It would be a major issue if either the RuAF or PLAAF had decent training and large quantities of flyable airframes, but they lack both for now. The RuAF for essentially the foreseeable future, and the PLAAF will be a continuously growing threat, but the USAF can probably order additional overhead for the Far East Air Force from the AMRAAM factory, which isn't going to be closed down because they lost 200 missile sales a year. Plenty of people will continue buying AMRAAMs that aren't the USAF.

This mostly seems to be a way to cut cost on annual procurement budgets by making a small quantity of missiles in-house, possibly for training use or just topping off stockpiles or whatever, in addition to periodic bulk orders from the factory. And of course additive manufacturing is great and highly flexible for tiny, artisanal orders like those.
 
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Kat Tsun

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It's far more likely that China or Russia will be able to force the US into a fait accompli without firing a shot in the first place.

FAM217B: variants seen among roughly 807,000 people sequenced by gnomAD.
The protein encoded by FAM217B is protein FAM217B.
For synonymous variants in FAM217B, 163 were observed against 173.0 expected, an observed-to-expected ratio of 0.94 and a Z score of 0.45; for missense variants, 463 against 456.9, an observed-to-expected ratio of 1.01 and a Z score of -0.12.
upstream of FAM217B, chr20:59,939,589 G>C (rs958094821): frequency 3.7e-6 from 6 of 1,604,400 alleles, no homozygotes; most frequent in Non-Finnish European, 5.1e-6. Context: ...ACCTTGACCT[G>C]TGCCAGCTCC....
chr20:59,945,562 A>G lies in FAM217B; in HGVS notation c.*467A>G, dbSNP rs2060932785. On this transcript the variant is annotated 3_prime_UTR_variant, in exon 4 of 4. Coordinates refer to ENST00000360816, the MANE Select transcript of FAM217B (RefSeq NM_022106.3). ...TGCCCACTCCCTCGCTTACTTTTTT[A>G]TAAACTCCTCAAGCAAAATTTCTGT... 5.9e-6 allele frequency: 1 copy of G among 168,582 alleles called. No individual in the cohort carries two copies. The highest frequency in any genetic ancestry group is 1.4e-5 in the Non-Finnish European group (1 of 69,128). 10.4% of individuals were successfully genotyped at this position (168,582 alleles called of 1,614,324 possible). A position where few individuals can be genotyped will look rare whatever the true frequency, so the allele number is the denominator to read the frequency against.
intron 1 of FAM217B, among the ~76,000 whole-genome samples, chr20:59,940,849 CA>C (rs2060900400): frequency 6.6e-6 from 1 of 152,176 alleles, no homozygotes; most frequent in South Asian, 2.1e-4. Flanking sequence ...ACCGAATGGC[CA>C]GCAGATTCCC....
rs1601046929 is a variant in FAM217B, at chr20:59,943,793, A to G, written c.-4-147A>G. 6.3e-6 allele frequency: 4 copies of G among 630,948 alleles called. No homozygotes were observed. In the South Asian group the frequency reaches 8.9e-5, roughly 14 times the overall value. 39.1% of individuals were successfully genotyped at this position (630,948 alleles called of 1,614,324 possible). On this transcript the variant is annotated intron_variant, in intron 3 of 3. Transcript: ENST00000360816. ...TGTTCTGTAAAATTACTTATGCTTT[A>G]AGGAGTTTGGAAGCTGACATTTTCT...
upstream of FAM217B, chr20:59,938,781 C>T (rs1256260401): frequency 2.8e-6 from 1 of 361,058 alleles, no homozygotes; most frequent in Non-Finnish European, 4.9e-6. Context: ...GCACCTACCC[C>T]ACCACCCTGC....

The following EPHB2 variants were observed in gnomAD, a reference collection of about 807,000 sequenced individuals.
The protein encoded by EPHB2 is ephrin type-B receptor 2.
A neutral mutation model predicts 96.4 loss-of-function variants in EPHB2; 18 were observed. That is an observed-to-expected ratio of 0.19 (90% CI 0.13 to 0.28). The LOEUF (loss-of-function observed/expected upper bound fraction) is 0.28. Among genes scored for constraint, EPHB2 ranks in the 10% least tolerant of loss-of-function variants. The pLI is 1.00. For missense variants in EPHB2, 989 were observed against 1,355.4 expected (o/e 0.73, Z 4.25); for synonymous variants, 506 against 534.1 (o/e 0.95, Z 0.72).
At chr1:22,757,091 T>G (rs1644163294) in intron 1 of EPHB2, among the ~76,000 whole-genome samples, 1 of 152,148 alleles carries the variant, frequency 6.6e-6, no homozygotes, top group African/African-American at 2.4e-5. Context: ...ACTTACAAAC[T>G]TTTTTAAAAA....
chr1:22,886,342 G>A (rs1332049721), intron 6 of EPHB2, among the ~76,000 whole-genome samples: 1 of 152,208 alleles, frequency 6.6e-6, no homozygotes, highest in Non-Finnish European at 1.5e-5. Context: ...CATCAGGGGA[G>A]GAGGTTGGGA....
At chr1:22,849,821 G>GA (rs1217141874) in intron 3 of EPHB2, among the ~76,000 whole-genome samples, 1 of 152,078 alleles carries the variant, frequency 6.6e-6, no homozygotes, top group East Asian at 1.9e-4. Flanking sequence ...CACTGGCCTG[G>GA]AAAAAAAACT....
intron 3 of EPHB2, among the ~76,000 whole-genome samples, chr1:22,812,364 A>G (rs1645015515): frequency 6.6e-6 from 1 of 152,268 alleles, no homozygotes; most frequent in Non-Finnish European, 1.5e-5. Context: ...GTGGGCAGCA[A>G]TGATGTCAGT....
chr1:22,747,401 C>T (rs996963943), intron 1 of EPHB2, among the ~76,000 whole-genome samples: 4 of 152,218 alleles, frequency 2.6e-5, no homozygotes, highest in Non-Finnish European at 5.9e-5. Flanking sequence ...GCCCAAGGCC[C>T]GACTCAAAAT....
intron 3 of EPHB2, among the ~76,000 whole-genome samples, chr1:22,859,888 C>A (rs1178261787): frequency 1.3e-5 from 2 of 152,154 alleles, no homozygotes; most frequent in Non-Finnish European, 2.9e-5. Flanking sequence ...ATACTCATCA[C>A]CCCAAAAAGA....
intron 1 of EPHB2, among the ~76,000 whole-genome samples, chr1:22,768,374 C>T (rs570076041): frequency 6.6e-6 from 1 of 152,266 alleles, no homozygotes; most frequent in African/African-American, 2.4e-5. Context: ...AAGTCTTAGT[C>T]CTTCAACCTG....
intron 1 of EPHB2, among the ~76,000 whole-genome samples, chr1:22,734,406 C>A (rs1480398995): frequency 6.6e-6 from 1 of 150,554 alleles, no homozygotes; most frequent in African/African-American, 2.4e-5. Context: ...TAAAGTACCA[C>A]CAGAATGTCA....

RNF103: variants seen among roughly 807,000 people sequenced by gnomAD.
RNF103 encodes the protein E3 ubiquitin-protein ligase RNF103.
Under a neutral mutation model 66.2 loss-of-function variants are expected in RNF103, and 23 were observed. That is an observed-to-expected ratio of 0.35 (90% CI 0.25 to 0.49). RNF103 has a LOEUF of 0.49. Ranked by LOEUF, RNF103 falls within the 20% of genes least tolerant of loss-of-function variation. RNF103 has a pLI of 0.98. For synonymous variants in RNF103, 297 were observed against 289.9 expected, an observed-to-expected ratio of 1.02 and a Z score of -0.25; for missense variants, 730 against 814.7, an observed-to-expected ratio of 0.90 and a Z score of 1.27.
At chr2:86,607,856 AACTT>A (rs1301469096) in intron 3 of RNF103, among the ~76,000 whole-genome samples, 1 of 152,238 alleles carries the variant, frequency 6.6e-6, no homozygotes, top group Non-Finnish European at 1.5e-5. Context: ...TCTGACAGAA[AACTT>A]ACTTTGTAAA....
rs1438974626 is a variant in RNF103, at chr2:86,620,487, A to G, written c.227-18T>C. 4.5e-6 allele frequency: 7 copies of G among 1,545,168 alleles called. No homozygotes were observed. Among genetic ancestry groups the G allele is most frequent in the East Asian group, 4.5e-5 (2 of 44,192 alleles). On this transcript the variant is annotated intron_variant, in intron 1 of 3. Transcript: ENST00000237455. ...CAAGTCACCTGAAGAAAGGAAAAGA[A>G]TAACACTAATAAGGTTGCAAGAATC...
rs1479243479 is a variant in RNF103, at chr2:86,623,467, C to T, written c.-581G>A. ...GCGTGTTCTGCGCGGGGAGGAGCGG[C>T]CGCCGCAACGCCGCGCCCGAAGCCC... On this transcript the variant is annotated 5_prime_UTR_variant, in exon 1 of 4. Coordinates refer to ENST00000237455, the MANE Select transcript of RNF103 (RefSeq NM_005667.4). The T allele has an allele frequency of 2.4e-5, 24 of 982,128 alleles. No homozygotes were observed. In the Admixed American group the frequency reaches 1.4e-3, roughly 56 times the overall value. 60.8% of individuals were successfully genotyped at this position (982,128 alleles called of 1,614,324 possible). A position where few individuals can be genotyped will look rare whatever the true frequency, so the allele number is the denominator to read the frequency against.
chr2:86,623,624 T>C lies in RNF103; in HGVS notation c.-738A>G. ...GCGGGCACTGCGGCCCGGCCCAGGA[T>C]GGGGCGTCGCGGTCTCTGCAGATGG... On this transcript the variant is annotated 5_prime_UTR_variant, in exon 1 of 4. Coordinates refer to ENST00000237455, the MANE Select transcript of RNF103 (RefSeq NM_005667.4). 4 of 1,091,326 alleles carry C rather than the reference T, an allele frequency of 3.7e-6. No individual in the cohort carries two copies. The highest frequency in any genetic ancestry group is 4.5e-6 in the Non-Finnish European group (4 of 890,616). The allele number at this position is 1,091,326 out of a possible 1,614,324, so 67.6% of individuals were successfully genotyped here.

OTOH if America shoots down 100-200 J-11s or Su-27s or something without losing more than a couple jets then the PLAAF or RuAF would probably surrender out of embarrassment rather than continue launching strikes until the USAF literally runs out of ammo. The RANDesque idea of "swarming kamikaze pilots" or whatever, which for some reason is a popular hot topic of RAND despite not having much basis in reality, would just result in a repeat of the Marianas Turkey Shoot.

Seems very unlikely that theater stockpiles of air to air missiles are the problem in either case. The actual problem is closer to something where the USAF either shows up after a kerfluffle starts, destroys the enemy, and forces a status quo ante, or the USAF never fights at all. And in both cases the US might still lose a tiny island or three small villages in Estonia altogether about the size of Rhode Island! There's not much AIM-120 can do to help that America's enemies from being so weak that they cannot seriously threaten its status as a military (and cultural, economic, technological, blah blah) hegemon.

By the time that actually happens, AIM-120 will qualify for the early bird special and probably be well on its way out, if not completely replaced, of Air Force use.

It's not really a big deal. The PLAAF is too weak to fight everyone in Asia and by the time it's big the USAF will have newer and stronger airplanes and rockets, and the Russian Air Force is only going to get worse. Which means the USAF can focus entirely on fighting China and not having to split itself between Europe and Asia, which will balance out whatever strength the PLAAF will have grown.